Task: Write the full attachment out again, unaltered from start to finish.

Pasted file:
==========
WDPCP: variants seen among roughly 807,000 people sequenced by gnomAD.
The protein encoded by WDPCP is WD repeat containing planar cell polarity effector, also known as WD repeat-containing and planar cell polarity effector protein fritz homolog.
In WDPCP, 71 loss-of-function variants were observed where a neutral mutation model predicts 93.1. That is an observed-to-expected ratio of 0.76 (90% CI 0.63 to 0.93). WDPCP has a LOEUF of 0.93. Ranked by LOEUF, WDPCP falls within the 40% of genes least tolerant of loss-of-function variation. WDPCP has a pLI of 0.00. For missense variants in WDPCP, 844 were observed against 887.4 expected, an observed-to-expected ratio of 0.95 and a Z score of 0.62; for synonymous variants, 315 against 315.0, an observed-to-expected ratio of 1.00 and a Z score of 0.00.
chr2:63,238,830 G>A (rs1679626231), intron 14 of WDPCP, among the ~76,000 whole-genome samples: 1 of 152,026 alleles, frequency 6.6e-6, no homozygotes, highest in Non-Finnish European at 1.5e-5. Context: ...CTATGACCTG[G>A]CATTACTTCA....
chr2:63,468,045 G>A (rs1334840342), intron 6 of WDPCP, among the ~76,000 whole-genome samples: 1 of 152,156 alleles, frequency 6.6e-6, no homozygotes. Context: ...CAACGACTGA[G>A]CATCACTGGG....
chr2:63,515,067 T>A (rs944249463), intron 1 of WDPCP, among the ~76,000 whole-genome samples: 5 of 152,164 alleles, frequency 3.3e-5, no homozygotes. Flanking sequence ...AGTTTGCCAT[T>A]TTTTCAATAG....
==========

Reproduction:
WDPCP: variants seen among roughly 807,000 people sequenced by gnomAD.
The protein encoded by WDPCP is WD repeat containing planar cell polarity effector, also known as WD repeat-containing and planar cell polarity effector protein fritz homolog.
In WDPCP, 71 loss-of-function variants were observed where a neutral mutation model predicts 93.1. That is an observed-to-expected ratio of 0.76 (90% CI 0.63 to 0.93). WDPCP has a LOEUF of 0.93. Ranked by LOEUF, WDPCP falls within the 40% of genes least tolerant of loss-of-function variation. WDPCP has a pLI of 0.00. For missense variants in WDPCP, 844 were observed against 887.4 expected, an observed-to-expected ratio of 0.95 and a Z score of 0.62; for synonymous variants, 315 against 315.0, an observed-to-expected ratio of 1.00 and a Z score of 0.00.
chr2:63,238,830 G>A (rs1679626231), intron 14 of WDPCP, among the ~76,000 whole-genome samples: 1 of 152,026 alleles, frequency 6.6e-6, no homozygotes, highest in Non-Finnish European at 1.5e-5. Context: ...CTATGACCTG[G>A]CATTACTTCA....
chr2:63,468,045 G>A (rs1334840342), intron 6 of WDPCP, among the ~76,000 whole-genome samples: 1 of 152,156 alleles, frequency 6.6e-6, no homozygotes. Context: ...CAACGACTGA[G>A]CATCACTGGG....
chr2:63,515,067 T>A (rs944249463), intron 1 of WDPCP, among the ~76,000 whole-genome samples: 5 of 152,164 alleles, frequency 3.3e-5, no homozygotes. Flanking sequence ...AGTTTGCCAT[T>A]TTTTCAATAG....